The New York City technology and startup scene colloquially known as Silicon Alley is thriving. Founders, venture capitalists, and technology talent are all coming to New York City to launch and build startups, invest in tech companies, and work for world-renowned institutions, but there's still some ground to gain before Silicon Alley can catch up to it's West Coast counterpart.
Last month, Silicon Alley insiders spoke about why New York City is poised to succeed with Selina Wang, a Bloomberg News reporter, at Bloomberg Live's Sooner Than You Think conference hosted at the recently opened Cornell Tech campus on New York City's Roosevelt Island. Google CIO Ben Fried, City of New York CTO Miguel Gamiño, Jr., Tumblr founder and CEO David Karp, and Union Square Ventures partner Andy Weissman joined Wang on the panel, Silicon Alley: Out From Silicon Valley's Shadow. They shared insights why Silicon Alley's tech ecosystem is on the rise.
Technology is improving communities in New York City
When Gamiño spoke to Mayor De Blasio about the city's mission he learned that the mayor's goal is to use technology to strengthen communities by fostering more inclusive neighborhoods and creating new opportunities for people. “It was never about tech for tech's sake which changes the dynamic for a technologist when you're thinking about solving real problems and using technology as a tool for delivering those solutions as opposed to just thinking about technology in the tech silo," said Gamiño.
When asked about a difference between Silicon Valley and Silicon Alley, he noted that there are diverse people and industries taking advantage of technology, which leads to an increased range of conversations and engagement. “Technology is the future of every industry, not just itself. New York really exemplifies that," he added.
Silicon Alley is removing friction
How does an idea effectively and efficiently transform into a business? Weissman thinks the answer is removing friction so it's easier to go turn an idea. “I think ecosystems of entrepreneurial activity are about friction and the lack of friction," he said noting that Silicon Valley and Silicon Alley lack friction. He added that there is not a lot of friction in New York because there is top talent and an always-expanding community of tech companies and venture capital firms.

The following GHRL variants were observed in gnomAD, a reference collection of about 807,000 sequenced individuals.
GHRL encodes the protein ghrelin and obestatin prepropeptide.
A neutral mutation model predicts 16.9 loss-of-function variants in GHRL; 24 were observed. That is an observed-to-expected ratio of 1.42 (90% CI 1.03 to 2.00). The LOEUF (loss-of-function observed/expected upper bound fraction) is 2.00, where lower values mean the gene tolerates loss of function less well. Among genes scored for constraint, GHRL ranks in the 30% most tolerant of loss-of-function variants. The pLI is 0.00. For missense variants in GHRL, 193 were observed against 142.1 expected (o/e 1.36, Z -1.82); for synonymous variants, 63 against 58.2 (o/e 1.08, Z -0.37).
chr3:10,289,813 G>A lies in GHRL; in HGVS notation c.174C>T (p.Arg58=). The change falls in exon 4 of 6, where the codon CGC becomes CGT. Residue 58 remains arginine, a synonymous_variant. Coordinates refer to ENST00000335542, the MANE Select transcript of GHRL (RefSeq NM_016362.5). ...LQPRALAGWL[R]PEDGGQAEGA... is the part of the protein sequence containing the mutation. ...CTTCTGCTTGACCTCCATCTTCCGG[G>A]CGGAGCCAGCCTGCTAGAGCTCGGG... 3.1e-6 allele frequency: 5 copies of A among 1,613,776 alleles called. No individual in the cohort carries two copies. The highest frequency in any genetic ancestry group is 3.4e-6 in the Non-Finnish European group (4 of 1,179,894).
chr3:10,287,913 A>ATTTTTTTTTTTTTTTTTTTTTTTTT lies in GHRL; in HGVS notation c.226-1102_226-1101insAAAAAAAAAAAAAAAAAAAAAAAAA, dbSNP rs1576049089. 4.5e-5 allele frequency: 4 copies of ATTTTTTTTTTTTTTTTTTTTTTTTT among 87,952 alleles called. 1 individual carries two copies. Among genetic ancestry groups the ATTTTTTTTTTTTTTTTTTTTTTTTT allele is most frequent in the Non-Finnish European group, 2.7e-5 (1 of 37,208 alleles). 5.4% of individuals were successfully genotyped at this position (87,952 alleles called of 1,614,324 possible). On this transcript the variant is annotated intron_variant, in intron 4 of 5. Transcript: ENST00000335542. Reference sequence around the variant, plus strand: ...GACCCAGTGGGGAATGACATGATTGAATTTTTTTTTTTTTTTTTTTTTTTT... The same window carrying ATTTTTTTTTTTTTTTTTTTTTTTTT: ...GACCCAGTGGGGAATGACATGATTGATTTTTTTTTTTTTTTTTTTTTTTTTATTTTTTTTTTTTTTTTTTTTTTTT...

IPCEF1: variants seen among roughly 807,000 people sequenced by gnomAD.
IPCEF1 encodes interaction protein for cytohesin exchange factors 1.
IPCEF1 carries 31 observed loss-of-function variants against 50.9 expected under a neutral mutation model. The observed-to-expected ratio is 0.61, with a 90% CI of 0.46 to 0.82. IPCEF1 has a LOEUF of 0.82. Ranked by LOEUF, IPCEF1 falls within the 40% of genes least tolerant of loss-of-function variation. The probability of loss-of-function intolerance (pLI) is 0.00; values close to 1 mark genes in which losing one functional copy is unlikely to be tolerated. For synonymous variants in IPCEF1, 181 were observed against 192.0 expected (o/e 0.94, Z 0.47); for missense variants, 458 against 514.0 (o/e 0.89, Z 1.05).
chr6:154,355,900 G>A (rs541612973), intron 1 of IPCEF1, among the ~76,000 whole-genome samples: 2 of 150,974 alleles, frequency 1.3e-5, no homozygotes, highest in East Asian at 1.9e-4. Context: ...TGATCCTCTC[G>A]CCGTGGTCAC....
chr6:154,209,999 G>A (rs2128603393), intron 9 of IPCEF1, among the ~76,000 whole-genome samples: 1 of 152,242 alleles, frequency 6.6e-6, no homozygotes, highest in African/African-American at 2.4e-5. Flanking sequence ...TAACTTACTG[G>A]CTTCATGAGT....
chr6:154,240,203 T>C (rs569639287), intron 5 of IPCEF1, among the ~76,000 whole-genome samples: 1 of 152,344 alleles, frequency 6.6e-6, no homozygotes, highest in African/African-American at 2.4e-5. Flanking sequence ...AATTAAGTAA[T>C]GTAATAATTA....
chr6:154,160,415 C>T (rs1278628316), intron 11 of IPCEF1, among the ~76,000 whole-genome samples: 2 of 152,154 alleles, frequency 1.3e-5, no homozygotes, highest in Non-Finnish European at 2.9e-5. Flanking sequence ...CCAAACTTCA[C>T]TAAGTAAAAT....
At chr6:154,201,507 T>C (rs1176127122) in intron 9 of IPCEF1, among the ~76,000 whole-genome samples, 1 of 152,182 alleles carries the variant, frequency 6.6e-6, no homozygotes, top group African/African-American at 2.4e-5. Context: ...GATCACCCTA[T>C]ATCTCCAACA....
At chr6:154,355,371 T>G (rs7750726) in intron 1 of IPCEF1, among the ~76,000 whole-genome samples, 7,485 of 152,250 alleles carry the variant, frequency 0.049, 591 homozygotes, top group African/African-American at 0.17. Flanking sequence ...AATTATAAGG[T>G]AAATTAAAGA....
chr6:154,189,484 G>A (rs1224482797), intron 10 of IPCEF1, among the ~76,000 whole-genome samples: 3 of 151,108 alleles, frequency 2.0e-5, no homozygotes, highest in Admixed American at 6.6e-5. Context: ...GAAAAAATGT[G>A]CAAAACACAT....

Silicon Alley is a tech magnet
Leading technology companies like Google, Twitter, Facebook, Microsoft, Apple, and Verizon have offices in New York City. Karp notes that it's likely a signal that more companies will "find a home and a center of gravity" in diverse, media-centric cities like New York City.
New York City is also home to a number of New York City-born companies valued at more than $1 billion including Warby Parker, Blue Apron, and OscarHealth. Venture capital firms have also heard the city's siren song. Some of the top firms are exclusively in New York and almost all have a New York City presence. It's clear that companies can recruit top talent, grow a customer base, and get funding in Silicon Alley and the companies that choose to do so are increasing.
Fostering the next generation of tech talent
The New York City tech ecosystem has no shortage of advocates, from Mayor Mike Bloomberg's lofty 2010 competition for an applied sciences campus in 2010 to countless public and private partnerships to encourage innovation. In 2011, Bloomberg said that Cornell Tech would, "educate tomorrow's entrepreneurs and create the jobs of the future," and that "this partnership has so much promise because we share the same goal: to make New York City home to the world's most talented workforce." Fast forward to 2017 and Fried has already noticed Cornell Tech's impact.
"It's no accident that we are here on Cornell Tech's campus. I think there is an uptick in what will happen in New York," noted Fried who pointed to the 38 startups that have come from Cornell Tech in just a few years. "Great universities and great education are often the foundation of great technology workforces and entrepreneurs. And it seems to me like there is more and more of that happening," he said to the crowd convened at Cornell Tech.
Watch the full conversation.